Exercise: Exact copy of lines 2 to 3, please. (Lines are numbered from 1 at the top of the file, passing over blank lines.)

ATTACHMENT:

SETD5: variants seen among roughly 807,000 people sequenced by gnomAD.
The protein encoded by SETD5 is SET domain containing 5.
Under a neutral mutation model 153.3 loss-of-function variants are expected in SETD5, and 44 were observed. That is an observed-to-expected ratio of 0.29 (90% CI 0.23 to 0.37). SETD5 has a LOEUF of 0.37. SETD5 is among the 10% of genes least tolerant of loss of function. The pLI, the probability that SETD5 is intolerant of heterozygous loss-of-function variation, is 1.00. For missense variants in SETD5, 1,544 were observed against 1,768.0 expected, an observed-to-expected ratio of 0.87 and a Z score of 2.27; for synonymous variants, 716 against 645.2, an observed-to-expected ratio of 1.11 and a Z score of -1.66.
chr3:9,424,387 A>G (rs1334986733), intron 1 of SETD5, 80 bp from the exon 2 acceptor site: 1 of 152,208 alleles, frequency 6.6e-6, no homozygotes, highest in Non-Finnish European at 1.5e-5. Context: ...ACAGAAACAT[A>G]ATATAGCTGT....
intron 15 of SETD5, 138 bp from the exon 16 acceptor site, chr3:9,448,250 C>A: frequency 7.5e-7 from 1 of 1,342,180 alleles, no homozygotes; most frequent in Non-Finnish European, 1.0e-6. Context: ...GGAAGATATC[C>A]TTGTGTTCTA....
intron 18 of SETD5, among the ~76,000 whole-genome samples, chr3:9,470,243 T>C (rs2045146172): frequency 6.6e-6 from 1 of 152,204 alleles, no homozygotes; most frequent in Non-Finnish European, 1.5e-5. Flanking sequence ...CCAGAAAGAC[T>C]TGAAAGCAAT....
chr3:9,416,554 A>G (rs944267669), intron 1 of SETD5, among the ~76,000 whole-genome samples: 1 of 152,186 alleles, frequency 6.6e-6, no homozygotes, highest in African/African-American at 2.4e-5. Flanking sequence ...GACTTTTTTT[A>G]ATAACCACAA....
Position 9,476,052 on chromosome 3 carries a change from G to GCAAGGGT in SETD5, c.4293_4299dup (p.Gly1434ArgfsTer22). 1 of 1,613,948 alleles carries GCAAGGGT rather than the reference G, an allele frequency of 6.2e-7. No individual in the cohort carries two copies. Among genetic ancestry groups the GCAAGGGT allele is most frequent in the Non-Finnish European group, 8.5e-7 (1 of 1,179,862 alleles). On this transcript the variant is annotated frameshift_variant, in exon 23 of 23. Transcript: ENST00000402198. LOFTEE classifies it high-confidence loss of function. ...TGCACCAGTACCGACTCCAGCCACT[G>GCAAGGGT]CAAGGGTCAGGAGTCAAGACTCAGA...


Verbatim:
The protein encoded by SETD5 is SET domain containing 5.
Under a neutral mutation model 153.3 loss-of-function variants are expected in SETD5, and 44 were observed. That is an observed-to-expected ratio of 0.29 (90% CI 0.23 to 0.37). SETD5 has a LOEUF of 0.37. SETD5 is among the 10% of genes least tolerant of loss of function. The pLI, the probability that SETD5 is intolerant of heterozygous loss-of-function variation, is 1.00. For missense variants in SETD5, 1,544 were observed against 1,768.0 expected, an observed-to-expected ratio of 0.87 and a Z score of 2.27; for synonymous variants, 716 against 645.2, an observed-to-expected ratio of 1.11 and a Z score of -1.66.